Wednesday, March 3, 2010

David Torn: The Guitar And What's Next

David Torn (guitar, electronics; 1953)

New Yorker David Torn, not unlike Mark Isham, is a jazz musician with uncategorizable talents. He has worked on both jazz, world, rock and film and tv projects consistently throughout his career. His career includes studying under John Abercrombe and Leonard Bernstein. He does have a very deep catalog but unfortunately only a few albums are available. He received significant recognition for his work on the Everyman Band albums during the 80s. The albums that are available are truly phenomenal and worth the purchase, especially if you are a fan of Brian Eno, King Crimson, David Sylvian, Supersilent, et al.

David Torn's style is layered and tempered with ambient elements similar to Nils Petter Molvaer or Michael Brook. His style is subtle and sublime with beautiful combinations of the avant garde, mysticism and traditional jazz. Torn can turn the guitar into a dangerous instrument with elements of prog as highlighted from his latest album Perezens (ECM) with the titled track and its preceding track, "Bulbs". His music can be unsettling to the uninitiated but if you are already used to some of the aforementioned artists and you haven't listened to David Torn yet, Perezens is definitely the place to start.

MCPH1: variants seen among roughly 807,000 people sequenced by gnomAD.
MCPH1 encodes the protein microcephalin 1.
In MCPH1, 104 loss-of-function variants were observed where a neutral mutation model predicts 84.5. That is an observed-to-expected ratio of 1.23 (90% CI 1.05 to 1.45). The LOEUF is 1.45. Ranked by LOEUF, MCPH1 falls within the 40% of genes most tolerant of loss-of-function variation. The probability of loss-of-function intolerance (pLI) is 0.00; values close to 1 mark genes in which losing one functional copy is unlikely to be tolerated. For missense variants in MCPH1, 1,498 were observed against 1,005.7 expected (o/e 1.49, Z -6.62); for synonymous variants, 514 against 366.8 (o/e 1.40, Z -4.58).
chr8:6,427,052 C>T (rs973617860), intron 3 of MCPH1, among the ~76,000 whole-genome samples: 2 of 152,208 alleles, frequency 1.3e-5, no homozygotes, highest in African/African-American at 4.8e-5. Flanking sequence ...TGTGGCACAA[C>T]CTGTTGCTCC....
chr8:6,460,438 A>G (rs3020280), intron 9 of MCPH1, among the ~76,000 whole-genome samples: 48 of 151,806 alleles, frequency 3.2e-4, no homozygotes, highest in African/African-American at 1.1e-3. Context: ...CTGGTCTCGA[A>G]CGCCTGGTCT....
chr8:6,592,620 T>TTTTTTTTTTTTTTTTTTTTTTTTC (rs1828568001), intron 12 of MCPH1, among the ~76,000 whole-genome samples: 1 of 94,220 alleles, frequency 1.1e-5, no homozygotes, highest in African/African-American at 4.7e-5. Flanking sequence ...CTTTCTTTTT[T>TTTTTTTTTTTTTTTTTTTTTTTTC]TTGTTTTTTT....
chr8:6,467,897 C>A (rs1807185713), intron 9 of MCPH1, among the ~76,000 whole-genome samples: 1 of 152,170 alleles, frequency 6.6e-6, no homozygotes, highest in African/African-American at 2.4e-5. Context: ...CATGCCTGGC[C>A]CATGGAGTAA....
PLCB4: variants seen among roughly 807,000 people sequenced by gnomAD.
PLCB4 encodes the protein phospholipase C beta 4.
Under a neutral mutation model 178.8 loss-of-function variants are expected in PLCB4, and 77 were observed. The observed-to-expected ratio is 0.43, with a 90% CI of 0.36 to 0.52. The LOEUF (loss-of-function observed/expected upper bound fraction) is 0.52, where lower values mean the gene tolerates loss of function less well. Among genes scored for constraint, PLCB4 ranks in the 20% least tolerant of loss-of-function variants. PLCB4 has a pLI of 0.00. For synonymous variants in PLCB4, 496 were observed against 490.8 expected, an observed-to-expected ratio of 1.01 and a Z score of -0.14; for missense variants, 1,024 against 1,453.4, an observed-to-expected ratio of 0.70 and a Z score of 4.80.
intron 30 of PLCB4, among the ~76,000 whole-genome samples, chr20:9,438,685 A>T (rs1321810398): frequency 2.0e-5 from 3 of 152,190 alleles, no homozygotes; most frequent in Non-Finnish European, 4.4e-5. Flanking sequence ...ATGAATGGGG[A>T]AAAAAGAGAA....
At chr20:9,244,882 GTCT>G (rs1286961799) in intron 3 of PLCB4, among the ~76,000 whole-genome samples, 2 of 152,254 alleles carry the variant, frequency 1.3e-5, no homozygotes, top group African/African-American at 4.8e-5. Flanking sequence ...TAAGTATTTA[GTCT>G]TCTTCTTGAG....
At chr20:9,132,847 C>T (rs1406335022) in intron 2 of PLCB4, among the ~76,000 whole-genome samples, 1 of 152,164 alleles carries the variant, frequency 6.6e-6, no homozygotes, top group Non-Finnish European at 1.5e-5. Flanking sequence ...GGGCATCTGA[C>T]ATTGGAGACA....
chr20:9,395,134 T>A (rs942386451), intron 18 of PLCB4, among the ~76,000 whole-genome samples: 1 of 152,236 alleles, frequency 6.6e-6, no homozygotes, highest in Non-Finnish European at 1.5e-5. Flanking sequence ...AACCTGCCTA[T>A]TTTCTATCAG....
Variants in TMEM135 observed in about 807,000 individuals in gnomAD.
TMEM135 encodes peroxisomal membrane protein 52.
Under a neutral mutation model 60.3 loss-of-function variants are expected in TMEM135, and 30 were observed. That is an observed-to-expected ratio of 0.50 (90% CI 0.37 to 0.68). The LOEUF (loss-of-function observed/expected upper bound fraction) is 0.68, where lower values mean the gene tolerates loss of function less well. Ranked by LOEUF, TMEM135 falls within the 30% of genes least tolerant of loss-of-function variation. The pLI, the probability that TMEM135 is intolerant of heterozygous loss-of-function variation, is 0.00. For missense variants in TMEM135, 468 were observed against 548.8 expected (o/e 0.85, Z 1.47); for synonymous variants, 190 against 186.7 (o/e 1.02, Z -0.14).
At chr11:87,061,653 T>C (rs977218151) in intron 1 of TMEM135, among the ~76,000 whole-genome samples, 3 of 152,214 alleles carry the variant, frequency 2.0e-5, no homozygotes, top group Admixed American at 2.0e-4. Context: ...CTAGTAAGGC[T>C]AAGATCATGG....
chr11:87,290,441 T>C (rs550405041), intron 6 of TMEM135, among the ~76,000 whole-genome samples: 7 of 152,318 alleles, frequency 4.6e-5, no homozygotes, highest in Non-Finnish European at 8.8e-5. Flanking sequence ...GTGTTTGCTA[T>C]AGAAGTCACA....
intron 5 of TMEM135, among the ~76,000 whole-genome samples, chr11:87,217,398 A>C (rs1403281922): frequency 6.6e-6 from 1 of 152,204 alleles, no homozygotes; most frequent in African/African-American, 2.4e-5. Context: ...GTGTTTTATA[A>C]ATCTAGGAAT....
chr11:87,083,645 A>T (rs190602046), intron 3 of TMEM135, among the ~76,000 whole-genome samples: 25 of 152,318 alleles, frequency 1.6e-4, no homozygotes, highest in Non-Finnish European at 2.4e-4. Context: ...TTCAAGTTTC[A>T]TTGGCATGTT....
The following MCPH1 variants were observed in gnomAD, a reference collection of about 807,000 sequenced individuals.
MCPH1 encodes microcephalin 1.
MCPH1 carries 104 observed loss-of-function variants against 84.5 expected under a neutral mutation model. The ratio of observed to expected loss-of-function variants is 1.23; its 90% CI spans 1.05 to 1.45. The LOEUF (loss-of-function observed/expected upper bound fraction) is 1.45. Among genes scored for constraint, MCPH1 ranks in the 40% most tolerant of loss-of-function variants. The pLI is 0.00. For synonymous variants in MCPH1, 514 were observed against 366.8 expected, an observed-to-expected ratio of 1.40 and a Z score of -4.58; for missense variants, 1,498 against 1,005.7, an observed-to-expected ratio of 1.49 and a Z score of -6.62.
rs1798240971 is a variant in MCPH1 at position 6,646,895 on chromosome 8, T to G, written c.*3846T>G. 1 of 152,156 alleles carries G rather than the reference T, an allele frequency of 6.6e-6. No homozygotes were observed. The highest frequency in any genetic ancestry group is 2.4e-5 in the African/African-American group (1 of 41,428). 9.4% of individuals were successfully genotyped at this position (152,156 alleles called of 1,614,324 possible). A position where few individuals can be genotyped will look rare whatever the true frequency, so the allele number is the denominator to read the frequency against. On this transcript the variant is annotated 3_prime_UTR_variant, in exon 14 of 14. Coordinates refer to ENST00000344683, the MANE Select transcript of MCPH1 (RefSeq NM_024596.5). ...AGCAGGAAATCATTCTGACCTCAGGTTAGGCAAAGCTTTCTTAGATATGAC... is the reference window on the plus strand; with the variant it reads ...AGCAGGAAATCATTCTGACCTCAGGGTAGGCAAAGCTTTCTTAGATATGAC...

He has recorded three albums for his current label ECM and Prezens is by far the most realized of the three. There is wonderful work from the rest of the band consisting of New York regulars, Tom Rainey (drums), Craig Taborn (piano) and Tim Berne (sax). The album provides a funky turn of sorts with "Them Buried Standing" which I've always loved. This is usually the point at which if you haven't lost the uninitiated, they might start to enjoy the album. If not, trust me they never will.

Perezens is an album of lovely textual soundscapes and loud cacophonous minimalism. If you dig this, his previous ECM album Cloud About Mercury and Best Laid Plans are well worth seeking out. There is a compilation of his earlier work pre-ECM (both solo and as session member) entitled The David Torn Collection which is good but not very well sequenced. It does show the range and variety of artists and styles he has worked in but I would stick to the ECM recordings for best enjoyment.

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